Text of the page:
Over at gamescom, I had the chance to try out the first 20 minutes of Q.U.B.E. 2, the sequel to 2009’s puzzler. Like its predecessor, the game puts the player in the shoes of a protagonist who must use cube-shaped features to navigate obstacles in the environment.
The hands-on demo consisted of the first mission, which introduces us to Amelia Cross, an archaeologist stranded in an alien planet. With the help of an ally over radio and the use of a special glove that moves geometrically shaped obstacles, you must navigate the various mazes of the alien ruin and find out what’s behind it all.
In Q.U.B.E. 2, puzzles are solved by interacting with various coloured cubes, each with a specific property. Blue cubes catapult you into the air, green cubes plop out other cubes you can use around the environment, and orange cubes extend outside from the wall and become a rectangle platform. Taken alone, they are pretty straightforward, but it's the combination and their interactions that makes up most of Q.U.B.E. 2’s puzzles.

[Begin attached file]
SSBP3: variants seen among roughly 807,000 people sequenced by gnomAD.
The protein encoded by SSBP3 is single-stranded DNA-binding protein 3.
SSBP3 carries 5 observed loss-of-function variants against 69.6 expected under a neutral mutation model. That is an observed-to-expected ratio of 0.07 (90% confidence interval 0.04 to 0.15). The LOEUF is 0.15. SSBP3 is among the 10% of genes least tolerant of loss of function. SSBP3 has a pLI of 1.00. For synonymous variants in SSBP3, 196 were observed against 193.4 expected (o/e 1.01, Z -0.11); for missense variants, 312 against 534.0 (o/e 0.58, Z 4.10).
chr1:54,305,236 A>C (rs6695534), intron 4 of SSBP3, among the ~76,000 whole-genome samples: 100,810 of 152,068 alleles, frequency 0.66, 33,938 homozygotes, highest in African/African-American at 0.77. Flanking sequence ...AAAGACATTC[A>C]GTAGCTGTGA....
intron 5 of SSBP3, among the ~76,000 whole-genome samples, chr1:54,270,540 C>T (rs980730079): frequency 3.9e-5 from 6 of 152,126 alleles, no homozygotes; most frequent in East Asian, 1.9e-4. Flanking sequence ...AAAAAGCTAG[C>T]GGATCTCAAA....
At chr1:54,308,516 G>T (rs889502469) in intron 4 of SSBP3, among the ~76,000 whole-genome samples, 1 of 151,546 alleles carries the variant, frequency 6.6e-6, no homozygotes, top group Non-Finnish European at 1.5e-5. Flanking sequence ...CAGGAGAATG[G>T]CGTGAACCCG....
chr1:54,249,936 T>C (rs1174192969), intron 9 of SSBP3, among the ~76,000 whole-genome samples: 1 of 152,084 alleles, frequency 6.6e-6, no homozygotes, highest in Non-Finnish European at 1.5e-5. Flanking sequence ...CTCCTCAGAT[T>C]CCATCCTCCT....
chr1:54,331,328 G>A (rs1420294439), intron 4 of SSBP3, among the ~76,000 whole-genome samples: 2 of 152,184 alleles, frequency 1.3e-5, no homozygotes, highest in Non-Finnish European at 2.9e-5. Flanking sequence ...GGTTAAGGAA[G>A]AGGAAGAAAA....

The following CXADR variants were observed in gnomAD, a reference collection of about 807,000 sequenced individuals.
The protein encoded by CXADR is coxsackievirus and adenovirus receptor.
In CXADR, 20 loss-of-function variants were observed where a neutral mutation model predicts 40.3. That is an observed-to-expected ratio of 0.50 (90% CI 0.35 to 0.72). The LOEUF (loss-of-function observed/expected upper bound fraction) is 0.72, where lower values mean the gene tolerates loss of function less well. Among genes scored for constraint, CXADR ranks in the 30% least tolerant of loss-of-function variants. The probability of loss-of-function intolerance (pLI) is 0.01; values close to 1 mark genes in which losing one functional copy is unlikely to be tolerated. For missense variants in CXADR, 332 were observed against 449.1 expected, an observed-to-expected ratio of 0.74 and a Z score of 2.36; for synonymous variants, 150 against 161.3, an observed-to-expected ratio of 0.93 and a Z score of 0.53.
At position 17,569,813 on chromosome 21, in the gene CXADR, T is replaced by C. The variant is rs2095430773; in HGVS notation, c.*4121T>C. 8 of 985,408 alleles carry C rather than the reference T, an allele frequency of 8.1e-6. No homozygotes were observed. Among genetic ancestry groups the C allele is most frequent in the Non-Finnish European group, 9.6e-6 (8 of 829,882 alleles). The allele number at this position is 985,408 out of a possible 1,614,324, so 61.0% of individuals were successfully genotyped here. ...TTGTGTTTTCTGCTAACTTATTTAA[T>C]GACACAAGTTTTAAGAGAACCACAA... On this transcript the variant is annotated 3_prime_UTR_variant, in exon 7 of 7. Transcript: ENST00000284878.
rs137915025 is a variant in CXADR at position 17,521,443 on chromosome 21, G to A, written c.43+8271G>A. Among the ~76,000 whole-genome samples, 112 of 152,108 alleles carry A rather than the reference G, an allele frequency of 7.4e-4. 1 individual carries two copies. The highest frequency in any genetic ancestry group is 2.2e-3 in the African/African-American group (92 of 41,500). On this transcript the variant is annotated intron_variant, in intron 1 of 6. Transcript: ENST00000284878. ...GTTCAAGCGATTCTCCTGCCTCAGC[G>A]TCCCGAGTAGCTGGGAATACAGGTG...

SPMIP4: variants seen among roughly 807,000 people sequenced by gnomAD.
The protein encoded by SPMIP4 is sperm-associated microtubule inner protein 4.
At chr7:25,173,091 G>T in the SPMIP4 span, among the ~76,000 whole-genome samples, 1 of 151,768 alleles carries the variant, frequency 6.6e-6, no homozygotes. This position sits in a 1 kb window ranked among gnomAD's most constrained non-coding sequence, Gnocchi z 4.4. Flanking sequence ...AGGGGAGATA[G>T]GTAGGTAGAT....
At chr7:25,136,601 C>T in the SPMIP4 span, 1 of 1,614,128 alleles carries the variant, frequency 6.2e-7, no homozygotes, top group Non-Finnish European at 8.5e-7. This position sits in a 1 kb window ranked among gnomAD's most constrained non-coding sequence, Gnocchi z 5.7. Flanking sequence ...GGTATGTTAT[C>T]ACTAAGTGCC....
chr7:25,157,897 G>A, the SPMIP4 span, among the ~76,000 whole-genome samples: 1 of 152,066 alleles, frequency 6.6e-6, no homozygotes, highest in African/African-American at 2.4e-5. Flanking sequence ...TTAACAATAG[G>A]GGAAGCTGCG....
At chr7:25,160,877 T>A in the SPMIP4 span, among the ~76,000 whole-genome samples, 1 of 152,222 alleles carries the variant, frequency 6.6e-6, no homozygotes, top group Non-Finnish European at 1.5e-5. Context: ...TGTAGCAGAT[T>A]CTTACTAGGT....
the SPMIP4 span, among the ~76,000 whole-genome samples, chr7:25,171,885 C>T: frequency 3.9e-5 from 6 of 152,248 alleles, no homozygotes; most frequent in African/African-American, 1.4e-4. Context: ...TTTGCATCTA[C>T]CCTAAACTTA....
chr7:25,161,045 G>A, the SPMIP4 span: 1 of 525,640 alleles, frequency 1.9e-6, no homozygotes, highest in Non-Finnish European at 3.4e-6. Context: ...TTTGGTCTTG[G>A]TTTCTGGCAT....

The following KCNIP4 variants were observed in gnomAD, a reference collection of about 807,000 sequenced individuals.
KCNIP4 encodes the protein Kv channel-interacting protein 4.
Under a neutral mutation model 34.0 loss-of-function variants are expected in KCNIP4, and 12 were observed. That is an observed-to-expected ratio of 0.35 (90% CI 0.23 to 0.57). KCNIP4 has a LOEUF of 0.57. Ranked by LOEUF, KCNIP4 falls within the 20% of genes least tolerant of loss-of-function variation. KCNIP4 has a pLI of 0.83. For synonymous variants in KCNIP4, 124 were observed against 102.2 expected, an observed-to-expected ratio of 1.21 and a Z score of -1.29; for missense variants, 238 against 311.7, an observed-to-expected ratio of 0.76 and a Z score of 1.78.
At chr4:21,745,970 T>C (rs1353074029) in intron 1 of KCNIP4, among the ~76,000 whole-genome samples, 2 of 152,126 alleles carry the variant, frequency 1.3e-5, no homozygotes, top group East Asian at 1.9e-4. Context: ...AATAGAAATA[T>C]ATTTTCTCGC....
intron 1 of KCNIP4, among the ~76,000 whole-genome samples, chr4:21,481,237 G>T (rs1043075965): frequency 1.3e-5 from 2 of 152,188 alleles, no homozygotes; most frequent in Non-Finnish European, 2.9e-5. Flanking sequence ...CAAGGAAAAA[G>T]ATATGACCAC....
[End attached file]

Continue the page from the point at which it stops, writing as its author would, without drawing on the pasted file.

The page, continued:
During the first level, you wake up in a cryogenic chamber and is contacted on radio by Commander Emma Sutcliffe, who helps you make sense of the situation you’re in. Stranded in alien ruins and plagued with amnesia, you find the special glove that allows you to activate cubes and progress through a 20 minute long tutorial.
An improvement over the first game in every single aspect, Q.U.B.E. 2 is all about navigating increasingly challenging puzzle rooms. While they’re a bit more linear and lack the freeform variables of the classic Portal franchise, the puzzles manage to be engaging thanks to the multiple cube interactions needed to solve each room.
As the game progresses, you are given more cubes and elements to contend with. Over 80 individual puzzles are in the final game, and the overall plot takes place in 11 different levels. From what I’ve seen, they are an interesting mix of alien architecture and wilderness, as nature tries to reclaim the derelict ruins you awaken in.
Technically, Q.U.B.E. 2 is quite capable. Graphics, level design, and voice acting are all much better than expected from an average indie title, and the soundtrack composed by David Housden (of Thomas Was Alone fame) manages to capture the atmosphere perfectly. Add to that some incredibly effective first-person animations, and the result is one very immersive and polished puzzle title.
Q.U.B.E. 2 is out on the 13th of March on Steam.